I have created a page on the Wiki called "First time buyers guide". It is only a rough version at the time of writing, but hopefully it will be revised into a go-to guide for anyone wanting to make a payment with Bitcoin with as little unnecessary information as possible.


3

It could be that this host specifically is getting less connections, although that might not be the case. There has been a similar drop in hashing power and stock price. The most likely cause of this is the lack of press-attention and a low amount of things you can do with Bitcoins. Another possible explanation is the increased usage of online-wallets ...


3

Have a look at: http://bitcoinstatus.rowit.co.uk/ Nibor on the bitcoinj mailing list has created a whole series of charts about the bitcoin p2p network.


3

Bitcoins are economical to buy from many different currencies (ie the conversion fees are low), so they have the potential to make many financial & retailing tools available to a much larger audience. This could include stocks, bonds, commodities as well as traditional retail. Bitcoins also have the potential to change the way artists (in a very broad ...


3

Given that economists cannot agree unanimously on the global effects of relatively small events like a change in interest rates or a stimulus package, I would say that a major event like mass adoption of Bitcoin is far beyond anybody's prediction horizon. The global economy is a complex dynamical system and we really don't understand such things as well as ...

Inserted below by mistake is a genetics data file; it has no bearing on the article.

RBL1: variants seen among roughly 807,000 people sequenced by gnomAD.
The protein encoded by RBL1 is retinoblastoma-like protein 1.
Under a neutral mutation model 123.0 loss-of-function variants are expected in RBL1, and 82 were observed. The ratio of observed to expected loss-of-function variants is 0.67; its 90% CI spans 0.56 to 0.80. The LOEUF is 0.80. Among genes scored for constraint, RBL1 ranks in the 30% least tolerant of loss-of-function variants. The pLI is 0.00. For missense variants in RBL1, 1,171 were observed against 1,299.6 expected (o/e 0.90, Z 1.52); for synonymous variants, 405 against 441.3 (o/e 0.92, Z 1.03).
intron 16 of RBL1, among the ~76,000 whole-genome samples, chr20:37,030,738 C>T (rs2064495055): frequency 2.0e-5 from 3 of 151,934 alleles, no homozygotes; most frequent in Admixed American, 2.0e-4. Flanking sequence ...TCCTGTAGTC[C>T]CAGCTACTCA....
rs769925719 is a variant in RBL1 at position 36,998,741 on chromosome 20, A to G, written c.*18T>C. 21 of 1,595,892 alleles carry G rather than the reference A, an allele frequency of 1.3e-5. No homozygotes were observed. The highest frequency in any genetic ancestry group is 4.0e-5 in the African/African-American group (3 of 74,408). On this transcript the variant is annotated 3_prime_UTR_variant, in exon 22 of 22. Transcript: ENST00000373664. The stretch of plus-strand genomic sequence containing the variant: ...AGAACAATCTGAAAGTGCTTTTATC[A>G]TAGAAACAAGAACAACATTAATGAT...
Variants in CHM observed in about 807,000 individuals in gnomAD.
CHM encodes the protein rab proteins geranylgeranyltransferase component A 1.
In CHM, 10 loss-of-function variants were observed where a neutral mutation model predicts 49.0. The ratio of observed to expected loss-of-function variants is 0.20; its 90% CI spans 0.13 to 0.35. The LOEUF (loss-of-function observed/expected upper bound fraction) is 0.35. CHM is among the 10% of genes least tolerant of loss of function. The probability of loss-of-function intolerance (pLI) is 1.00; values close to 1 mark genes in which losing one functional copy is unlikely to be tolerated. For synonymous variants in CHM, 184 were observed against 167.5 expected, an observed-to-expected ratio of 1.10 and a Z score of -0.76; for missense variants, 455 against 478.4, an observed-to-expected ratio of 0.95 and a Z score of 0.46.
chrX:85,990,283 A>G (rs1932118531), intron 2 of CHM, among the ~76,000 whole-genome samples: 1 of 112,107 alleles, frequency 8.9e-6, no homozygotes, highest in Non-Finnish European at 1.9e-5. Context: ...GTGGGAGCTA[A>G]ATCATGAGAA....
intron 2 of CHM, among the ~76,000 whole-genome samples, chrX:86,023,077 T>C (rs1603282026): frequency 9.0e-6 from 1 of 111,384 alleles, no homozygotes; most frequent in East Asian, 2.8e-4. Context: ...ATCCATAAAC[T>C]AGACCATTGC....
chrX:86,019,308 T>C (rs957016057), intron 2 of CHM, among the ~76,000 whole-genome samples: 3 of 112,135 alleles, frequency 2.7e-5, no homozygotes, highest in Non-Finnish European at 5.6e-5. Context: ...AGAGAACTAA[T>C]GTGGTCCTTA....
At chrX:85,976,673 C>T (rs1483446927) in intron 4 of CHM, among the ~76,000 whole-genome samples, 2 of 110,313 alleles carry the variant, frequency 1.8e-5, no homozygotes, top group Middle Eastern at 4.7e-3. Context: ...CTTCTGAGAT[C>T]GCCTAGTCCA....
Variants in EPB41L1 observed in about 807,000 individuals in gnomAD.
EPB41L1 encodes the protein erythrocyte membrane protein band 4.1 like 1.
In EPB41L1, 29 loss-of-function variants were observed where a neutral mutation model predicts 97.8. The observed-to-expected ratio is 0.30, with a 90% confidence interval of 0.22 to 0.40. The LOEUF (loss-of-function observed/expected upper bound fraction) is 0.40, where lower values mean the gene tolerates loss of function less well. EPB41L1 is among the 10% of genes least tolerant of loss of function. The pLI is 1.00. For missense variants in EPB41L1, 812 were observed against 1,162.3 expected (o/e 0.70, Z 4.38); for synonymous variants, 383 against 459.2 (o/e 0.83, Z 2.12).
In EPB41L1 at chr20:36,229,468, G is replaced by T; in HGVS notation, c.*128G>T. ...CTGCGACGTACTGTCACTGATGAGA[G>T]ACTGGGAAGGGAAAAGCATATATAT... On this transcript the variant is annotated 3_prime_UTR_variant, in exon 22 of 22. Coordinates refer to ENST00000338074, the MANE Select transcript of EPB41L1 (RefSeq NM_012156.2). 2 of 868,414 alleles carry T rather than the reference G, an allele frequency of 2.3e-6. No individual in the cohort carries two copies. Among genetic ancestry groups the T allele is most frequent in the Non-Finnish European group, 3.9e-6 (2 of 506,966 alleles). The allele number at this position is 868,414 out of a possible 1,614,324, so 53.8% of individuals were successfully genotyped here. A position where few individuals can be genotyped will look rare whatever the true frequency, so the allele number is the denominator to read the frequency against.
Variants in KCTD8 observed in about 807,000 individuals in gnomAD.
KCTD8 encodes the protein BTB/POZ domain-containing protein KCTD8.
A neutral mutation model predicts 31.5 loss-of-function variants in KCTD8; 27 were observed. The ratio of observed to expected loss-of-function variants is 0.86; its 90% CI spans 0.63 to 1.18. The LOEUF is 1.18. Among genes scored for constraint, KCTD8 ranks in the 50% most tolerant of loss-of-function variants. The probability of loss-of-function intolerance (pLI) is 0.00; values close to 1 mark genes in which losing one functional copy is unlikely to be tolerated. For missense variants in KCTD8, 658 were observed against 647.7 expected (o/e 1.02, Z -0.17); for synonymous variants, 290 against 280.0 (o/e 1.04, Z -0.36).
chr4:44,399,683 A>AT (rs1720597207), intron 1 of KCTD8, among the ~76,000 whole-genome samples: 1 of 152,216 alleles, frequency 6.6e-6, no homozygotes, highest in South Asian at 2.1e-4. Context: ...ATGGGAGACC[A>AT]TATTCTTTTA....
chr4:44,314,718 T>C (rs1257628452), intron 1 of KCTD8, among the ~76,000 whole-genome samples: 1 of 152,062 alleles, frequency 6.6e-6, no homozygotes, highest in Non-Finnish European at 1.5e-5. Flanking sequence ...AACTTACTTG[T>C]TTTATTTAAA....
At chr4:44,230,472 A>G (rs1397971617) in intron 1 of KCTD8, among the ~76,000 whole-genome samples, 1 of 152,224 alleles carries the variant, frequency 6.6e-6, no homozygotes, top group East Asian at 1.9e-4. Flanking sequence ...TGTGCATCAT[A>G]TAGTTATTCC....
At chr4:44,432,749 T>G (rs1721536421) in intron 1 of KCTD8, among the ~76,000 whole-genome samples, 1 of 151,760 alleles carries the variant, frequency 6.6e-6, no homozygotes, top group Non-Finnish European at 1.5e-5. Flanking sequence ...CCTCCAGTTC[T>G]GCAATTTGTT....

3

I found this link the other day that shows where you can use bitcoins https://www.spendbitcoins.com/places/?place_type=service mostly for hosting companies, some poker sites/online casinos & many computer co's that i'm sure most people would never use right now. Saw an article that a restaurant in NY wanted to accept them soon but probably its a ...


3

The number of wallets is impossible to count, as they can contain zero to thousands of addresses each (zero, as there may be users who just want to observe, or clients that only create addresses when explicitly asked to). Counting users by number of client downloads won't give you a good estimation either, with all the web wallets that are out there, plus of ...


3

This is a great question and it's something I spend a lot of time thinking about. In general, I'd say no one really knows at this point and it is difficult to make more than a few guesses. So let me have a try at that: Banks would lose much of their ability to control the monetary supply, interest rates and exchange rate. The financial sector would shrink ...


3

I think the best reasons right now are: Marketing: being the first to do something attract a lot of interest and media. No chargebacks: Bitcoins does not allow any kind of chargeback, which is not true for main payment systems (Paypal, Stripe, Credit Card). Lower fees or no fees, just depends on how you use it. Investment some people wants to hoard some ...


3

For small amounts it's fine to accept unconfirmed transactions. You must really understand how the protocol works to be able to double-spend an unconfirmed transaction. I'm sure in the future hackers will build tools to allow for these sort of scenarios to benefit them, but also bitcoin clients will grow more secure and be able to diminish the propagation of ...